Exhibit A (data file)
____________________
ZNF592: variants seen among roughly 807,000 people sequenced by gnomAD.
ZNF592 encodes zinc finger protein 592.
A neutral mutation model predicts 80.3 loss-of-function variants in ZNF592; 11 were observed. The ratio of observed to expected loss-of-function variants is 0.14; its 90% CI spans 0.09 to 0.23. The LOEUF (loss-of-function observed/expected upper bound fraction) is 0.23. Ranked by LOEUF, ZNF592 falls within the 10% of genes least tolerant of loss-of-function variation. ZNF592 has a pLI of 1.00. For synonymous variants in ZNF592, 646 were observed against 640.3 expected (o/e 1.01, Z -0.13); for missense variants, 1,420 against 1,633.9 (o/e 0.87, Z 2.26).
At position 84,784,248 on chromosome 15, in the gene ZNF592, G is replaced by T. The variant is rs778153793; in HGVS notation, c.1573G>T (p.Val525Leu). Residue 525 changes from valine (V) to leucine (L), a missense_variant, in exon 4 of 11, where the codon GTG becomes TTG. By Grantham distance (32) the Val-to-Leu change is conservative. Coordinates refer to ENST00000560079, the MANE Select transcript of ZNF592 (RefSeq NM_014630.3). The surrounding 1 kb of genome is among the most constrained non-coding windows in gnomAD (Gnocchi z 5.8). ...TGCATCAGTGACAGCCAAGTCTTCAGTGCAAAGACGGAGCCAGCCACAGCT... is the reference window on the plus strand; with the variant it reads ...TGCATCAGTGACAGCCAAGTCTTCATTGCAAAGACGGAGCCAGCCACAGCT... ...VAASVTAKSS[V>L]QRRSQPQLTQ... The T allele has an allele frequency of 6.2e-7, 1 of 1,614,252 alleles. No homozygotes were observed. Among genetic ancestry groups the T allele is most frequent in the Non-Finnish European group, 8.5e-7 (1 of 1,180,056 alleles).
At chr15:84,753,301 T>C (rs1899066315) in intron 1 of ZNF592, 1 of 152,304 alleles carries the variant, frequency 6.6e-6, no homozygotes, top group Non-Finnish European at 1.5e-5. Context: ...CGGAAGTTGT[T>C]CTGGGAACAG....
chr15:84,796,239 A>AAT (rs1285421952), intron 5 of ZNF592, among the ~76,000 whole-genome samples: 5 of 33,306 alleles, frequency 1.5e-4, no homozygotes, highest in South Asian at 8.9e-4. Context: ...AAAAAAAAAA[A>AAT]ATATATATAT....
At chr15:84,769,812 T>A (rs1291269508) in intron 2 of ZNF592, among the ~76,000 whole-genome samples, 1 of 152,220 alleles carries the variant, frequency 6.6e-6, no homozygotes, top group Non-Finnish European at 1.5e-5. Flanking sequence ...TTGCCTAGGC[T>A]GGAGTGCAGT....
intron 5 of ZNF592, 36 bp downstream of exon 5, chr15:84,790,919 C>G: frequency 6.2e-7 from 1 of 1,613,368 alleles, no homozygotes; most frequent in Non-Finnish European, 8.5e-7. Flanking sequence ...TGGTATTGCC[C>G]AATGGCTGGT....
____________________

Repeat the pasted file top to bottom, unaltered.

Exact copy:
ZNF592: variants seen among roughly 807,000 people sequenced by gnomAD.
ZNF592 encodes zinc finger protein 592.
A neutral mutation model predicts 80.3 loss-of-function variants in ZNF592; 11 were observed. The ratio of observed to expected loss-of-function variants is 0.14; its 90% CI spans 0.09 to 0.23. The LOEUF (loss-of-function observed/expected upper bound fraction) is 0.23. Ranked by LOEUF, ZNF592 falls within the 10% of genes least tolerant of loss-of-function variation. ZNF592 has a pLI of 1.00. For synonymous variants in ZNF592, 646 were observed against 640.3 expected (o/e 1.01, Z -0.13); for missense variants, 1,420 against 1,633.9 (o/e 0.87, Z 2.26).
At position 84,784,248 on chromosome 15, in the gene ZNF592, G is replaced by T. The variant is rs778153793; in HGVS notation, c.1573G>T (p.Val525Leu). Residue 525 changes from valine (V) to leucine (L), a missense_variant, in exon 4 of 11, where the codon GTG becomes TTG. By Grantham distance (32) the Val-to-Leu change is conservative. Coordinates refer to ENST00000560079, the MANE Select transcript of ZNF592 (RefSeq NM_014630.3). The surrounding 1 kb of genome is among the most constrained non-coding windows in gnomAD (Gnocchi z 5.8). ...TGCATCAGTGACAGCCAAGTCTTCAGTGCAAAGACGGAGCCAGCCACAGCT... is the reference window on the plus strand; with the variant it reads ...TGCATCAGTGACAGCCAAGTCTTCATTGCAAAGACGGAGCCAGCCACAGCT... ...VAASVTAKSS[V>L]QRRSQPQLTQ... The T allele has an allele frequency of 6.2e-7, 1 of 1,614,252 alleles. No homozygotes were observed. Among genetic ancestry groups the T allele is most frequent in the Non-Finnish European group, 8.5e-7 (1 of 1,180,056 alleles).
At chr15:84,753,301 T>C (rs1899066315) in intron 1 of ZNF592, 1 of 152,304 alleles carries the variant, frequency 6.6e-6, no homozygotes, top group Non-Finnish European at 1.5e-5. Context: ...CGGAAGTTGT[T>C]CTGGGAACAG....
chr15:84,796,239 A>AAT (rs1285421952), intron 5 of ZNF592, among the ~76,000 whole-genome samples: 5 of 33,306 alleles, frequency 1.5e-4, no homozygotes, highest in South Asian at 8.9e-4. Context: ...AAAAAAAAAA[A>AAT]ATATATATAT....
At chr15:84,769,812 T>A (rs1291269508) in intron 2 of ZNF592, among the ~76,000 whole-genome samples, 1 of 152,220 alleles carries the variant, frequency 6.6e-6, no homozygotes, top group Non-Finnish European at 1.5e-5. Flanking sequence ...TTGCCTAGGC[T>A]GGAGTGCAGT....
intron 5 of ZNF592, 36 bp downstream of exon 5, chr15:84,790,919 C>G: frequency 6.2e-7 from 1 of 1,613,368 alleles, no homozygotes; most frequent in Non-Finnish European, 8.5e-7. Flanking sequence ...TGGTATTGCC[C>G]AATGGCTGGT....